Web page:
Why can't copper be made into a magnet?
Magnetism results from the alignment of an atom's outer electrons. There are three types of magnetism:
- Diamagnetism-atoms that have no unpaired outer electrons are repelled by a magnetic field.
- Paramagnetism-atoms that have unpaired electrons are attracted to a magnetic field. These two types of magnetic forces are only observable in the presence of a magnetic field.
- Ferromagnetism - exists in some atoms with unpaired d-electrons and results in permanent magnetic domains that are strong enough to be detected.
Of the three, only ferromagnetism is permanent. Iron, nickel, cobalt and some of the rare earth elements are ferromagnetic.
Copper is diamagnetic because of its electron configuration:
[Ar] 3d10 4s1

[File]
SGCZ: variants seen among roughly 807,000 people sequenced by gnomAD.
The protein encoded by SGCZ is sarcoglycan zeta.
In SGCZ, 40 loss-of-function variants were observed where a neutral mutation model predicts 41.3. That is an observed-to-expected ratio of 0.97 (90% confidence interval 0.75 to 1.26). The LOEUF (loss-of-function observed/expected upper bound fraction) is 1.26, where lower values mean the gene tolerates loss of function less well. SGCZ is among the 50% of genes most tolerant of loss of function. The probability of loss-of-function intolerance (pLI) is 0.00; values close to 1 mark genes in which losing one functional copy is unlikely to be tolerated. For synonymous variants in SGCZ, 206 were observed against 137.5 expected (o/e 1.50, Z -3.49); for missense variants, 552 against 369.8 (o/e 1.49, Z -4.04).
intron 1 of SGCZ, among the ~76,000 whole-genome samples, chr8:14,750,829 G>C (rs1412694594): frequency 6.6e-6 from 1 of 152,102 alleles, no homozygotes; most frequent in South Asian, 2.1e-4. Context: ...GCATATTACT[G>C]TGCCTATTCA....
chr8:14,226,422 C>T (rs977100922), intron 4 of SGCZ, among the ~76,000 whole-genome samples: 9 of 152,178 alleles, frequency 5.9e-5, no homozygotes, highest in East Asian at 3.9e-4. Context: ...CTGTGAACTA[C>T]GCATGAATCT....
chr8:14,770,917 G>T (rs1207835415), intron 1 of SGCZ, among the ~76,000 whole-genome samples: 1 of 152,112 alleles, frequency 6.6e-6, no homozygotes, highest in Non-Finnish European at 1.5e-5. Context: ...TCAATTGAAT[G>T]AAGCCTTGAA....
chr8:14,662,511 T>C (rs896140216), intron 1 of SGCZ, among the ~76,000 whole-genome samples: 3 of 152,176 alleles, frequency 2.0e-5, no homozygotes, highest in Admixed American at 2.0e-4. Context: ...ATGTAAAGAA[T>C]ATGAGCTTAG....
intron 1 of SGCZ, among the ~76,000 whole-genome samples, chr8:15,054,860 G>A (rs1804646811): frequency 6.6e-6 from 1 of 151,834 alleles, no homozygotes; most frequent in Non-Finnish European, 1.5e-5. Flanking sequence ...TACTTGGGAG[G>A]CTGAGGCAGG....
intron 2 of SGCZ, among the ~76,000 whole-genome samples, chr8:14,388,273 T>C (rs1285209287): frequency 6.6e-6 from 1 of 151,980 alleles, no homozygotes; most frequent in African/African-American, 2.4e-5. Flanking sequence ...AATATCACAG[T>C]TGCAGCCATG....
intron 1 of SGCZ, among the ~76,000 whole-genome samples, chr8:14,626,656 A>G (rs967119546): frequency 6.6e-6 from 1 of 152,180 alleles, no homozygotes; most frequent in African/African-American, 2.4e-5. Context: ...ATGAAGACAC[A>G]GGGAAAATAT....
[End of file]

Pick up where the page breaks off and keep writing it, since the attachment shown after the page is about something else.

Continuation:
The 3d orbital is filled before the 4s because a full sub-level of electrons creates stability. The d-orbital can hold a maximum of 10 electrons, so copper has no unpaired d-electrons.
Magnets can be made from substances that have permanent magnetic domains. Exposing the substance to a strong magnetic field while it's in a molten state will cause the magnetic domains to line up in the same direction and then stay that way when the substance solidifies. Pure copper can't be made into a magnet because it doesn't have these magnetic domains. However, scientists have been able to create a magnet by alternating layers of copper with layers of carbon. The carbon must be in a special form called a buckyball.